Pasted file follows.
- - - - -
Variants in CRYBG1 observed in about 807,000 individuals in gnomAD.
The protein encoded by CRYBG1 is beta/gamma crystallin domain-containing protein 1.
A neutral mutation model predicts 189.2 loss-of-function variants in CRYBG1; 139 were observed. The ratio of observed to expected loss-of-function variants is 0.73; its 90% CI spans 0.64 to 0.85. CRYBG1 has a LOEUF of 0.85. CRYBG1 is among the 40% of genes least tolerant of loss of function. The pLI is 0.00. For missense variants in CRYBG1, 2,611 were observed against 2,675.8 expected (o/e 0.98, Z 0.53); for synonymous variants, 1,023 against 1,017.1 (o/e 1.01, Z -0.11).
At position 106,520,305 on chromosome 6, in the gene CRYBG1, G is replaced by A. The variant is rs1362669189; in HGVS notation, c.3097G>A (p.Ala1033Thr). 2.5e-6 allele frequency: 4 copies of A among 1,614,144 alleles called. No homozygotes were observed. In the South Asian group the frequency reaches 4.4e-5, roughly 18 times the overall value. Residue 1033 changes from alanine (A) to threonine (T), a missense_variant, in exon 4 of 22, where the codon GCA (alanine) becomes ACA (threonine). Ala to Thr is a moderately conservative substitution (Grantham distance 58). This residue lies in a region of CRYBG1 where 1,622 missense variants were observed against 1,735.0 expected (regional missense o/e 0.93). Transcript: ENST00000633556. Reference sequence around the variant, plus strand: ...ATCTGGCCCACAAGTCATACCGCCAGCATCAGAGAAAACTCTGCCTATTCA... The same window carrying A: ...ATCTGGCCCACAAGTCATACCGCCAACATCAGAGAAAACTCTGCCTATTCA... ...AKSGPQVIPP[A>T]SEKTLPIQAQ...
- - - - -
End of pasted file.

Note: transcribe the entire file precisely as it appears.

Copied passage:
Variants in CRYBG1 observed in about 807,000 individuals in gnomAD.
The protein encoded by CRYBG1 is beta/gamma crystallin domain-containing protein 1.
A neutral mutation model predicts 189.2 loss-of-function variants in CRYBG1; 139 were observed. The ratio of observed to expected loss-of-function variants is 0.73; its 90% CI spans 0.64 to 0.85. CRYBG1 has a LOEUF of 0.85. CRYBG1 is among the 40% of genes least tolerant of loss of function. The pLI is 0.00. For missense variants in CRYBG1, 2,611 were observed against 2,675.8 expected (o/e 0.98, Z 0.53); for synonymous variants, 1,023 against 1,017.1 (o/e 1.01, Z -0.11).
At position 106,520,305 on chromosome 6, in the gene CRYBG1, G is replaced by A. The variant is rs1362669189; in HGVS notation, c.3097G>A (p.Ala1033Thr). 2.5e-6 allele frequency: 4 copies of A among 1,614,144 alleles called. No homozygotes were observed. In the South Asian group the frequency reaches 4.4e-5, roughly 18 times the overall value. Residue 1033 changes from alanine (A) to threonine (T), a missense_variant, in exon 4 of 22, where the codon GCA (alanine) becomes ACA (threonine). Ala to Thr is a moderately conservative substitution (Grantham distance 58). This residue lies in a region of CRYBG1 where 1,622 missense variants were observed against 1,735.0 expected (regional missense o/e 0.93). Transcript: ENST00000633556. Reference sequence around the variant, plus strand: ...ATCTGGCCCACAAGTCATACCGCCAGCATCAGAGAAAACTCTGCCTATTCA... The same window carrying A: ...ATCTGGCCCACAAGTCATACCGCCAACATCAGAGAAAACTCTGCCTATTCA... ...AKSGPQVIPP[A>T]SEKTLPIQAQ...